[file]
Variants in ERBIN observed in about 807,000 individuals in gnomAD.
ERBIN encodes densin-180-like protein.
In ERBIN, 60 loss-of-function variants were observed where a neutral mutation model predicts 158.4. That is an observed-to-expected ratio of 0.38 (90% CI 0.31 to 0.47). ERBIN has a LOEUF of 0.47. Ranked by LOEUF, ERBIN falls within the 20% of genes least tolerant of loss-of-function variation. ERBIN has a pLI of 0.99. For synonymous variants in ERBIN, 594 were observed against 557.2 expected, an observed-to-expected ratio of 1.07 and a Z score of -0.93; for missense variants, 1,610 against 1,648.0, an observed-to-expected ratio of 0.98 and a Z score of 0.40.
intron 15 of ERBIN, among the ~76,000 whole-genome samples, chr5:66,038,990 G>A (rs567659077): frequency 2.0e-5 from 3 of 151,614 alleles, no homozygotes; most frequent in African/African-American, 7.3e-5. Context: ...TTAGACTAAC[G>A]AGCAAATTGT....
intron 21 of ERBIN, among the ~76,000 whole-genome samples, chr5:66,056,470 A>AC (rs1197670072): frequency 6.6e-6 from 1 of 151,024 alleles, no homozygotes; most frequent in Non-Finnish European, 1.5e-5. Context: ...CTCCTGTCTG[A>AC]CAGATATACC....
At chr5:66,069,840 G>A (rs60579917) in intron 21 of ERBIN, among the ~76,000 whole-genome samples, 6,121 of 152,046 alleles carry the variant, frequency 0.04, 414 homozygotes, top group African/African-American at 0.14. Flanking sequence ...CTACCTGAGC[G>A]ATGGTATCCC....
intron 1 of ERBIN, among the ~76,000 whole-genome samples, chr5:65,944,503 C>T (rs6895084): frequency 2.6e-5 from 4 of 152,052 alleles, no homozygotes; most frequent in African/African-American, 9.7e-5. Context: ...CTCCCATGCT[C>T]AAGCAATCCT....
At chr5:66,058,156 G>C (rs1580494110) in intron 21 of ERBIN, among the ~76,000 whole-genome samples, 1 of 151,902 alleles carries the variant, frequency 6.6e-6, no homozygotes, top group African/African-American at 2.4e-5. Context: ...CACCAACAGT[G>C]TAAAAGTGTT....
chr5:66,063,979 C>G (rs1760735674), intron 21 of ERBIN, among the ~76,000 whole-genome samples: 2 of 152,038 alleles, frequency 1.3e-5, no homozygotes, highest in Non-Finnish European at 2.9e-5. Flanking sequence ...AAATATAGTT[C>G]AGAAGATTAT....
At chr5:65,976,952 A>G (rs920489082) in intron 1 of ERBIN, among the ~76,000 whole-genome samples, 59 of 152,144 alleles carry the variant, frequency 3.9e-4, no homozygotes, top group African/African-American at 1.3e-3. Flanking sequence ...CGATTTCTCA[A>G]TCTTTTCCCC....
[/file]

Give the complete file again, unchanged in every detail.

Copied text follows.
Variants in ERBIN observed in about 807,000 individuals in gnomAD.
ERBIN encodes densin-180-like protein.
In ERBIN, 60 loss-of-function variants were observed where a neutral mutation model predicts 158.4. That is an observed-to-expected ratio of 0.38 (90% CI 0.31 to 0.47). ERBIN has a LOEUF of 0.47. Ranked by LOEUF, ERBIN falls within the 20% of genes least tolerant of loss-of-function variation. ERBIN has a pLI of 0.99. For synonymous variants in ERBIN, 594 were observed against 557.2 expected, an observed-to-expected ratio of 1.07 and a Z score of -0.93; for missense variants, 1,610 against 1,648.0, an observed-to-expected ratio of 0.98 and a Z score of 0.40.
intron 15 of ERBIN, among the ~76,000 whole-genome samples, chr5:66,038,990 G>A (rs567659077): frequency 2.0e-5 from 3 of 151,614 alleles, no homozygotes; most frequent in African/African-American, 7.3e-5. Context: ...TTAGACTAAC[G>A]AGCAAATTGT....
intron 21 of ERBIN, among the ~76,000 whole-genome samples, chr5:66,056,470 A>AC (rs1197670072): frequency 6.6e-6 from 1 of 151,024 alleles, no homozygotes; most frequent in Non-Finnish European, 1.5e-5. Context: ...CTCCTGTCTG[A>AC]CAGATATACC....
At chr5:66,069,840 G>A (rs60579917) in intron 21 of ERBIN, among the ~76,000 whole-genome samples, 6,121 of 152,046 alleles carry the variant, frequency 0.04, 414 homozygotes, top group African/African-American at 0.14. Flanking sequence ...CTACCTGAGC[G>A]ATGGTATCCC....
intron 1 of ERBIN, among the ~76,000 whole-genome samples, chr5:65,944,503 C>T (rs6895084): frequency 2.6e-5 from 4 of 152,052 alleles, no homozygotes; most frequent in African/African-American, 9.7e-5. Context: ...CTCCCATGCT[C>T]AAGCAATCCT....
At chr5:66,058,156 G>C (rs1580494110) in intron 21 of ERBIN, among the ~76,000 whole-genome samples, 1 of 151,902 alleles carries the variant, frequency 6.6e-6, no homozygotes, top group African/African-American at 2.4e-5. Context: ...CACCAACAGT[G>C]TAAAAGTGTT....
chr5:66,063,979 C>G (rs1760735674), intron 21 of ERBIN, among the ~76,000 whole-genome samples: 2 of 152,038 alleles, frequency 1.3e-5, no homozygotes, highest in Non-Finnish European at 2.9e-5. Flanking sequence ...AAATATAGTT[C>G]AGAAGATTAT....
At chr5:65,976,952 A>G (rs920489082) in intron 1 of ERBIN, among the ~76,000 whole-genome samples, 59 of 152,144 alleles carry the variant, frequency 3.9e-4, no homozygotes, top group African/African-American at 1.3e-3. Flanking sequence ...CGATTTCTCA[A>G]TCTTTTCCCC....